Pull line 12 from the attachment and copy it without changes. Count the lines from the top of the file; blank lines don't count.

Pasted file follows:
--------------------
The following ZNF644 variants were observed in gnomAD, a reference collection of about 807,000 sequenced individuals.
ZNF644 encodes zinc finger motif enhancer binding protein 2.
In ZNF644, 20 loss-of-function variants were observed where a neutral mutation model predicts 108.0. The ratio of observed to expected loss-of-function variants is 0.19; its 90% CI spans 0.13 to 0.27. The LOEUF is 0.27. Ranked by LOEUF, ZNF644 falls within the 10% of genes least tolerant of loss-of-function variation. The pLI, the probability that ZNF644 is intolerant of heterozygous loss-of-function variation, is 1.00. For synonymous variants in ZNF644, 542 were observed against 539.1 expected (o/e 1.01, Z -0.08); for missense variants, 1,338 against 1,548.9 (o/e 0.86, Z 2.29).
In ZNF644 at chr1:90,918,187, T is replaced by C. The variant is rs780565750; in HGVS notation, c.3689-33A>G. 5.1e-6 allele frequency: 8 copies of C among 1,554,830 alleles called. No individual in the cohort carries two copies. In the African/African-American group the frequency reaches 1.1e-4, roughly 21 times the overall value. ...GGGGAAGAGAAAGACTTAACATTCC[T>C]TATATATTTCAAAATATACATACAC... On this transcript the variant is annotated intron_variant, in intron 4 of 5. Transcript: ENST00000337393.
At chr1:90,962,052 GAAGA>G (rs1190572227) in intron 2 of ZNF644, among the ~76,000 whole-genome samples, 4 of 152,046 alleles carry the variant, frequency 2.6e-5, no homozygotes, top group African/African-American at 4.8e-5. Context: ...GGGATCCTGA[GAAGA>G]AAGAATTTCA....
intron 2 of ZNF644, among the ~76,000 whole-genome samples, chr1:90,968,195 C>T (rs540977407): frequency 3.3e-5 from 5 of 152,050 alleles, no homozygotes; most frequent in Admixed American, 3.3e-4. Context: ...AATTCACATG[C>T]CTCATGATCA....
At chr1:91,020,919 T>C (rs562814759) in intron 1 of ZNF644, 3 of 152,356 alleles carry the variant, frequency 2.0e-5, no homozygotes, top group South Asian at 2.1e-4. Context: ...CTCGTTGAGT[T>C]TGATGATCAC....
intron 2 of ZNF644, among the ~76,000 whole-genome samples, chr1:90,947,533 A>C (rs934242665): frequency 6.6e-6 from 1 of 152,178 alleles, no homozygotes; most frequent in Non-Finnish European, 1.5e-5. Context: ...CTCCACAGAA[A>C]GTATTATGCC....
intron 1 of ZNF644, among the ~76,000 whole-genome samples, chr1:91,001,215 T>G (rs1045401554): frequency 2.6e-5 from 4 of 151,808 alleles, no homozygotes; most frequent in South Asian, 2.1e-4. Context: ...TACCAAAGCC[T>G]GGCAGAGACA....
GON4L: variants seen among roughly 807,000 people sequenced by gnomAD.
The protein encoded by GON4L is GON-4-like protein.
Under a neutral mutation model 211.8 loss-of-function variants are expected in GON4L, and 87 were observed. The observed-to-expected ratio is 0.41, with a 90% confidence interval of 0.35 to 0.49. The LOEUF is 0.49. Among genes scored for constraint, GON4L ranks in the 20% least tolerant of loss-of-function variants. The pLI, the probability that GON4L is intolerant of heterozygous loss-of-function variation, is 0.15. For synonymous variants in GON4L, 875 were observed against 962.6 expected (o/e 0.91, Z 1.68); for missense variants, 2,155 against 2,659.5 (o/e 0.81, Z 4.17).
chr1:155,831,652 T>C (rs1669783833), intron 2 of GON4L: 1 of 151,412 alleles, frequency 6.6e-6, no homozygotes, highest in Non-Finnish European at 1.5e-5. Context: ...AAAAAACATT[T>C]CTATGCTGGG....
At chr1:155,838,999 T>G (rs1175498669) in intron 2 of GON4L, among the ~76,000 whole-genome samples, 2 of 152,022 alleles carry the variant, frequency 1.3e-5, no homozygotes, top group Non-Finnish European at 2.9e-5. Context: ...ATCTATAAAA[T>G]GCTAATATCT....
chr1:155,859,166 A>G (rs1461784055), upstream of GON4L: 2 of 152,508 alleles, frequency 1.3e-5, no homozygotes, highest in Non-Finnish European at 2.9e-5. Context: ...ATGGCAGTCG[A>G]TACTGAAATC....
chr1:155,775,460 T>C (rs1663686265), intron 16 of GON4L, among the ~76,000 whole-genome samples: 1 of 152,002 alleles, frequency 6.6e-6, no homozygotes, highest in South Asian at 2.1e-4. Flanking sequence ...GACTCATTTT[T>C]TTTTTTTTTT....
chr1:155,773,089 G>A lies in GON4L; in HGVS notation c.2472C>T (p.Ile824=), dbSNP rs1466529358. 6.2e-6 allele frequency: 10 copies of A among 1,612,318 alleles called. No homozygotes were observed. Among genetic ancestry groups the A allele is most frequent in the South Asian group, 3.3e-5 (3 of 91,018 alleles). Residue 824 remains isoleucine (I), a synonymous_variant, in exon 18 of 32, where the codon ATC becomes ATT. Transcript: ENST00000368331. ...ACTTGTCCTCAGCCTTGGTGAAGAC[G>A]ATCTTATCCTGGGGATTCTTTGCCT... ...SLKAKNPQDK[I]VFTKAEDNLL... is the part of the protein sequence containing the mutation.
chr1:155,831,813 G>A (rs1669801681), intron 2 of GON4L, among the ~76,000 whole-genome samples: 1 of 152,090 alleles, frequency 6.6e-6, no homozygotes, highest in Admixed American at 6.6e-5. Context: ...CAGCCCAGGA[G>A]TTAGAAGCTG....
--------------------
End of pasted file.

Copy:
Under a neutral mutation model 211.8 loss-of-function variants are expected in GON4L, and 87 were observed. The observed-to-expected ratio is 0.41, with a 90% confidence interval of 0.35 to 0.49. The LOEUF is 0.49. Among genes scored for constraint, GON4L ranks in the 20% least tolerant of loss-of-function variants. The pLI, the probability that GON4L is intolerant of heterozygous loss-of-function variation, is 0.15. For synonymous variants in GON4L, 875 were observed against 962.6 expected (o/e 0.91, Z 1.68); for missense variants, 2,155 against 2,659.5 (o/e 0.81, Z 4.17).